How Women in Remote and Rural First Nation Communities are Using Information and Communication Technologies (ICT)

Penny Carpenter, Kerri Gibson, Crystal Kakekaspan, Susan O’Donnell

Abstract


First Nations women have a strong role guiding the success of their family and their community. In the past, women nurtured their family, ensuring their food and safety. These responsibilities are still true today with the added challenges and opportunities of modern day life. In Northern Ontario, many remote and rural First Nation communities are connected to integral services via broadband. The current study explores how First Nations women are using information and communication technology (ICT) and if the technology can address some of their challenges and open up new opportunities. Two hundred and thirty one women living in remote and rural First Nation communities in Northern Ontario completed an online survey, sharing their thoughts and experiences with regard to: ICT use in daily life, ICT for health and wellness, ICT for cultural preservation, and what is needed to support their effective use of ICT. The findings suggest that the women in these remote communities are active users of ICT, using the internet for frequent communication with people living in their own communities along with other communities and elsewhere in Canada. The women are also familiar with telemedicine, use the internet in a variety of ways to preserve their culture, and identified many strategies for supporting their effective use of ICT. Finally, we explore a case-study of how women in Slate Falls First Nation are using ICT.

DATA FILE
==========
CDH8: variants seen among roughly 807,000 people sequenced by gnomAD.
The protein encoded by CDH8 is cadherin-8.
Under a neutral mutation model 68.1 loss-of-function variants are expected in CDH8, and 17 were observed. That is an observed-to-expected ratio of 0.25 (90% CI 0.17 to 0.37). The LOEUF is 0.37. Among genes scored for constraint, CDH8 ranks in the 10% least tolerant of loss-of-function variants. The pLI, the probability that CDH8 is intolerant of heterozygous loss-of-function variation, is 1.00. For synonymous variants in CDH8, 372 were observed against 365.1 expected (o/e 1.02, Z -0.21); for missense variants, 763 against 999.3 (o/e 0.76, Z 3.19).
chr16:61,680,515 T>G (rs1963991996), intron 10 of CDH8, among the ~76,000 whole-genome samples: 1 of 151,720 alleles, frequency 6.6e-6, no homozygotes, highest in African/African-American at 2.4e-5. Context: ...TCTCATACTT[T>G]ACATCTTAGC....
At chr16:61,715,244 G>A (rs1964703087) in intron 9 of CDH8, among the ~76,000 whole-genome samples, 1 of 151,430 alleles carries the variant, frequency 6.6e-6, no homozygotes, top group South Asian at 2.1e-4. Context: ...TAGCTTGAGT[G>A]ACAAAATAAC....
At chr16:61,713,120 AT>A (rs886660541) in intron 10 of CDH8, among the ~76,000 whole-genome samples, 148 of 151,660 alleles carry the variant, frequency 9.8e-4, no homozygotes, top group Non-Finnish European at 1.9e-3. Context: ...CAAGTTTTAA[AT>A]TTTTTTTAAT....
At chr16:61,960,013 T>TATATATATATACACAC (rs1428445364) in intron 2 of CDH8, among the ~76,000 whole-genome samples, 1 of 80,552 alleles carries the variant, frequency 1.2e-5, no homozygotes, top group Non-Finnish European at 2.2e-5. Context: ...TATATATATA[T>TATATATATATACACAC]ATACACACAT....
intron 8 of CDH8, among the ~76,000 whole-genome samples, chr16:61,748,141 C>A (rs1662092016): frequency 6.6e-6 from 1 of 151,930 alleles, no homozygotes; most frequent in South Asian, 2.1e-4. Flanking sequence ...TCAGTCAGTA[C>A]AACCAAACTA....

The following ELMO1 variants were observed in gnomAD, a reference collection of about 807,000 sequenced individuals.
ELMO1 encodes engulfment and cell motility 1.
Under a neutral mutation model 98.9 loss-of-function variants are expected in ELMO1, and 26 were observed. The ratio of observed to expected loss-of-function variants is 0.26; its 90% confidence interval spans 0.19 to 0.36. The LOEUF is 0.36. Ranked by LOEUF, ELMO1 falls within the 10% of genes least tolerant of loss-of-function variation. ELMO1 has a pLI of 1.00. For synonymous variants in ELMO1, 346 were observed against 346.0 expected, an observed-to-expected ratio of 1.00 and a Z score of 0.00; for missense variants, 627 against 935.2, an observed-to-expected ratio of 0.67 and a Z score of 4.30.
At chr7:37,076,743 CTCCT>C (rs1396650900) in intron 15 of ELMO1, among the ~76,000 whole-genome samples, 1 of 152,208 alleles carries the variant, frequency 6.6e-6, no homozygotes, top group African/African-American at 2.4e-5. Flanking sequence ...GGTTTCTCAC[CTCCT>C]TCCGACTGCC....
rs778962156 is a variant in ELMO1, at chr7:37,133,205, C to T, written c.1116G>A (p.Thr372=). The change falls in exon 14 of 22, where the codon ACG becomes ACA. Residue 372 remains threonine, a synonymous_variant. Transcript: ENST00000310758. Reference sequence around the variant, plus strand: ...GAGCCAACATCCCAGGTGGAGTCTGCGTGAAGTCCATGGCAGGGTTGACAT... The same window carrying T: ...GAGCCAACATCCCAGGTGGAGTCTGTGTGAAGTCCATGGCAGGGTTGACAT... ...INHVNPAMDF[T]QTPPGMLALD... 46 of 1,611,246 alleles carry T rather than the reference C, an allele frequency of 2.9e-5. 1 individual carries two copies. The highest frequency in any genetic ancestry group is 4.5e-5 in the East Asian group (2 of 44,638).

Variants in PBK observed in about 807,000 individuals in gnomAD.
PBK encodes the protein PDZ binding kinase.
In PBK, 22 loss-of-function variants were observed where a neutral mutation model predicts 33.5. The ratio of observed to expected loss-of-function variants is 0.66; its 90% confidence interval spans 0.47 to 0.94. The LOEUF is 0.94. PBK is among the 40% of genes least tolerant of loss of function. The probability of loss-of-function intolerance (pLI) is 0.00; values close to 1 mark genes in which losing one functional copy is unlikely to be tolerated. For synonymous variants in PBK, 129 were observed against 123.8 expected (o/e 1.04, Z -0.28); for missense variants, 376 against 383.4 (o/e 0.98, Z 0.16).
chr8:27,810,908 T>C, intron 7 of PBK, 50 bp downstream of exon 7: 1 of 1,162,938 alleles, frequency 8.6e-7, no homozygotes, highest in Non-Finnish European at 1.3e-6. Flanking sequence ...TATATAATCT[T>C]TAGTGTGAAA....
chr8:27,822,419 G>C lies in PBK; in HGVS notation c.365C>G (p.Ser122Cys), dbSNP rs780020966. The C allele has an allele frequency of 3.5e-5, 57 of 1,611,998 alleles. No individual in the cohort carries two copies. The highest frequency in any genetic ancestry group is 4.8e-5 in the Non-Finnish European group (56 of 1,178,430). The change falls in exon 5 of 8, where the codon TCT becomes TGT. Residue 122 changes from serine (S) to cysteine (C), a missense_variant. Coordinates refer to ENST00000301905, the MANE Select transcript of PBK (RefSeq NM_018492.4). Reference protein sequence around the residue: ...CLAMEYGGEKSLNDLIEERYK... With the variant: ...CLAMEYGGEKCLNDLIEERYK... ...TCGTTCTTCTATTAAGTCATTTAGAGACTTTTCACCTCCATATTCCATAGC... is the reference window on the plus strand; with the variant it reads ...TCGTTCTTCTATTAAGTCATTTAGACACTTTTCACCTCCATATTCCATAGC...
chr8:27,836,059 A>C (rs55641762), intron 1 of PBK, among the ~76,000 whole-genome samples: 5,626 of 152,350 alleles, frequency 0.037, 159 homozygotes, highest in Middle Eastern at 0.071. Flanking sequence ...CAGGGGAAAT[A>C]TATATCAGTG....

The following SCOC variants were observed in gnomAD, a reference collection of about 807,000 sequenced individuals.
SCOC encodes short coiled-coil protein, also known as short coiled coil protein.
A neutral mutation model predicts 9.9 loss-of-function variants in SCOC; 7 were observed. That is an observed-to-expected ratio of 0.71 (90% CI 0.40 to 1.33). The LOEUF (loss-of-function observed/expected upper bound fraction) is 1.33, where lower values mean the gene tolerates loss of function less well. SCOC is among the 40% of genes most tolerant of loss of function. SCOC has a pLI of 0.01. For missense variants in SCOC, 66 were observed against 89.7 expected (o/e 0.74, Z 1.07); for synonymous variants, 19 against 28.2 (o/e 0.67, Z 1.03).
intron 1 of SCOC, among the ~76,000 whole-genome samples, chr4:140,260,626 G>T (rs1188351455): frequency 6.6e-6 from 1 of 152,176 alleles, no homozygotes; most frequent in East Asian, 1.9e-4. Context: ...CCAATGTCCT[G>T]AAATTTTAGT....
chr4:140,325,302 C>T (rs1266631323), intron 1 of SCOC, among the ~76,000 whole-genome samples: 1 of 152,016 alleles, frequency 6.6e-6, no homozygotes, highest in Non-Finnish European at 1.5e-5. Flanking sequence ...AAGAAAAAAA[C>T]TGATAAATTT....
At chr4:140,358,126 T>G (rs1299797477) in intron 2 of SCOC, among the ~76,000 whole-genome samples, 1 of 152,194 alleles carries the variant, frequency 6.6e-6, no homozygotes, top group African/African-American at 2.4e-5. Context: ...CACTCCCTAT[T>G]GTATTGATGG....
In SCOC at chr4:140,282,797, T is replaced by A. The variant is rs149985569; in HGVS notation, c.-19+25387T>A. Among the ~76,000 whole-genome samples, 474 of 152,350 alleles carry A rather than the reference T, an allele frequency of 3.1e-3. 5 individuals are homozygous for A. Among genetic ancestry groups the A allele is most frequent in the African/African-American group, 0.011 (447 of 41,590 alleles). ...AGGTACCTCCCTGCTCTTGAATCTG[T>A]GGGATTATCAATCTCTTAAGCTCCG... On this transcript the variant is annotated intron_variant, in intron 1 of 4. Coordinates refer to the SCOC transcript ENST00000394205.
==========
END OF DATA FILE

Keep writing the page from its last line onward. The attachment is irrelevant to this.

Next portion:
Keywords


First Nation; communities; remote; information and communication technology; social media; women; gender

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The Journal of Rural and Community Development is supported by SSHRC.

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